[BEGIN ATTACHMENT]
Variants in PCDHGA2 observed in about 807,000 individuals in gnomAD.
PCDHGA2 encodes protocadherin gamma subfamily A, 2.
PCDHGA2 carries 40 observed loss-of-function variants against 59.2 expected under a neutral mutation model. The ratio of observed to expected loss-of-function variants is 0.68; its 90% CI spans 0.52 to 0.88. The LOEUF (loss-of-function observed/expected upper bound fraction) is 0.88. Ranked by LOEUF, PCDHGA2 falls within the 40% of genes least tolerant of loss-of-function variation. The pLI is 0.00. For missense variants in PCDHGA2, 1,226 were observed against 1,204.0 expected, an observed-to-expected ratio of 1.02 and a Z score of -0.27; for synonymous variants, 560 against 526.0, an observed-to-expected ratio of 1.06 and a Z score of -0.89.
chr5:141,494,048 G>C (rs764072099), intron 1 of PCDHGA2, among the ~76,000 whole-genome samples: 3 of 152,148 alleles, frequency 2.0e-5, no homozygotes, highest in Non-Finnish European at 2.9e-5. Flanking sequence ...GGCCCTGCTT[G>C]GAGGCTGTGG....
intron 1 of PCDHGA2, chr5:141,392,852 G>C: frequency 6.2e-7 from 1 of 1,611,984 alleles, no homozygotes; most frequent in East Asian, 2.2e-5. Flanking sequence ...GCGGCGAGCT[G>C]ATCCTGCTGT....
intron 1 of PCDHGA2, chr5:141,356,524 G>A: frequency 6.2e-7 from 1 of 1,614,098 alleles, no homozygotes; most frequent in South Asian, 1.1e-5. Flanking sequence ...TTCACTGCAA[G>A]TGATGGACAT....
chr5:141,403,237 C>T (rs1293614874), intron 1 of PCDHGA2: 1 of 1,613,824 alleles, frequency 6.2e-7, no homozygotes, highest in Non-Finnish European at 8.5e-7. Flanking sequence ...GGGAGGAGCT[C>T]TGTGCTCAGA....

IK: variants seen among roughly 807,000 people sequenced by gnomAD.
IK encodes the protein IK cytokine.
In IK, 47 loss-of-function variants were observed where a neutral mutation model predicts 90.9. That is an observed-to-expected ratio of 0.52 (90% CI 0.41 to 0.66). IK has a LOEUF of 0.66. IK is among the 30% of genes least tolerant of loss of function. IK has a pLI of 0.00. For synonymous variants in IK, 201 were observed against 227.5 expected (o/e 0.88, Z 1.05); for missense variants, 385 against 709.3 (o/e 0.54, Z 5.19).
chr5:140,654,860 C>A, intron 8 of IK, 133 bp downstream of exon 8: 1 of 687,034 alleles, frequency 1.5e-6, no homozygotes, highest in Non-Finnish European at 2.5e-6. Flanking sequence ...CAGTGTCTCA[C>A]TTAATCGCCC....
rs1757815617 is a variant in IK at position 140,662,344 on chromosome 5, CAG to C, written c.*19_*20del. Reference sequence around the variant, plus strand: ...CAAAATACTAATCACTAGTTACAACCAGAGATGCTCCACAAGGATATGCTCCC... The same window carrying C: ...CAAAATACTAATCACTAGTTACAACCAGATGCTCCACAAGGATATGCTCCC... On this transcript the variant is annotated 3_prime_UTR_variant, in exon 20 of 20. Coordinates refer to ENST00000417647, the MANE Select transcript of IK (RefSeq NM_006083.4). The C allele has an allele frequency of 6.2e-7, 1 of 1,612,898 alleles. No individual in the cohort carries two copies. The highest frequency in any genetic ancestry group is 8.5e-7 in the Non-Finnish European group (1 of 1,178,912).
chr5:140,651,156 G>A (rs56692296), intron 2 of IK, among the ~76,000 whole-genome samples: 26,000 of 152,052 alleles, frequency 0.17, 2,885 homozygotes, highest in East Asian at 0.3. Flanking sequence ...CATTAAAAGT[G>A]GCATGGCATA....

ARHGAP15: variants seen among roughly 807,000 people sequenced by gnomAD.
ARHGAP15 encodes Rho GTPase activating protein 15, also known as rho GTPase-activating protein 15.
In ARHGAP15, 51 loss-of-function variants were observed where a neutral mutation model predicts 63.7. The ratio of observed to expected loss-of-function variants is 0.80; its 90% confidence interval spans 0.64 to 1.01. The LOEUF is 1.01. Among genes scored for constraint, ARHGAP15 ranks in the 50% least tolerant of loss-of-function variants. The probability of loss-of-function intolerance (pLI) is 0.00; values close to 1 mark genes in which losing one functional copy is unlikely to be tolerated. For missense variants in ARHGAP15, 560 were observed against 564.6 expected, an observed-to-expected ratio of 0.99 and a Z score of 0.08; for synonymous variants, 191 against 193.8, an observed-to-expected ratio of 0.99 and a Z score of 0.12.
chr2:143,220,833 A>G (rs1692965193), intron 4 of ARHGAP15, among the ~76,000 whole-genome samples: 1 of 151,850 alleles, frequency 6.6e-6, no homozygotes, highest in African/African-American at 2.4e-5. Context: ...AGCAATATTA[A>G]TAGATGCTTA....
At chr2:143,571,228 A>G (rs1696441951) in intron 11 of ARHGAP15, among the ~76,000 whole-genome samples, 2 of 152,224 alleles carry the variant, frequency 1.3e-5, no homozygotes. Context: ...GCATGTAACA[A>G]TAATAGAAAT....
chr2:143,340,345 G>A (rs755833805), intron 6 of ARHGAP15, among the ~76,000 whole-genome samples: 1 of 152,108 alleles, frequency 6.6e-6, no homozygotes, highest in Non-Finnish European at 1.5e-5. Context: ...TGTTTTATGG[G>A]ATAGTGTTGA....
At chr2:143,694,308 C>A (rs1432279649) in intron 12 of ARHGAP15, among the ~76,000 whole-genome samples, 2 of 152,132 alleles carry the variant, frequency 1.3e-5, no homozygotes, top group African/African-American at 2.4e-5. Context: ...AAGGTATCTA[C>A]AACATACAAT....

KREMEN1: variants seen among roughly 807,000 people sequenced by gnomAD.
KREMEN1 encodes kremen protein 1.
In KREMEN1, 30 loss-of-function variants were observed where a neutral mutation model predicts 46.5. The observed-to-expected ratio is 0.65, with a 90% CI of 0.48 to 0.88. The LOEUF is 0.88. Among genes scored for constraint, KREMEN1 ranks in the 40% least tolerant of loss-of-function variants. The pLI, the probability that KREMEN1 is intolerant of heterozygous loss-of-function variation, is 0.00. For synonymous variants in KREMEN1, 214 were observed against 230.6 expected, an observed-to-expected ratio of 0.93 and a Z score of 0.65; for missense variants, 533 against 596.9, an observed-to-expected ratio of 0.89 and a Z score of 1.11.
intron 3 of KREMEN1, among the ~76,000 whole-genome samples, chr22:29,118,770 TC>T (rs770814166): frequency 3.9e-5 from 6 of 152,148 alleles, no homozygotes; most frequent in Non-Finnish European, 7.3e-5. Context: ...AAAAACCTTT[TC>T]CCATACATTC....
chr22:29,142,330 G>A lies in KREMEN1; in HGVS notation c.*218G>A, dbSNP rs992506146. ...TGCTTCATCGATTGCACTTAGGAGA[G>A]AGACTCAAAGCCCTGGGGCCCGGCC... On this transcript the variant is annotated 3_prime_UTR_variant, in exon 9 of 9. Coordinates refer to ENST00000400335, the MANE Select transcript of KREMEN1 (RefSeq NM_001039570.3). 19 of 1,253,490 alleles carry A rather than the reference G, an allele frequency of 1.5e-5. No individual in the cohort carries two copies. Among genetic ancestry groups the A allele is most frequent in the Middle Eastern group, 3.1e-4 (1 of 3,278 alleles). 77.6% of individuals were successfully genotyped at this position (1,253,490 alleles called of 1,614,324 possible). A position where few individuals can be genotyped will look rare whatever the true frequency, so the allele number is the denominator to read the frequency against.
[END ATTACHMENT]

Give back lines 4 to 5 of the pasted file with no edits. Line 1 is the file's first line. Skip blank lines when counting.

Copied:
chr5:141,494,048 G>C (rs764072099), intron 1 of PCDHGA2, among the ~76,000 whole-genome samples: 3 of 152,148 alleles, frequency 2.0e-5, no homozygotes, highest in Non-Finnish European at 2.9e-5. Flanking sequence ...GGCCCTGCTT[G>C]GAGGCTGTGG....
intron 1 of PCDHGA2, chr5:141,392,852 G>C: frequency 6.2e-7 from 1 of 1,611,984 alleles, no homozygotes; most frequent in East Asian, 2.2e-5. Flanking sequence ...GCGGCGAGCT[G>C]ATCCTGCTGT....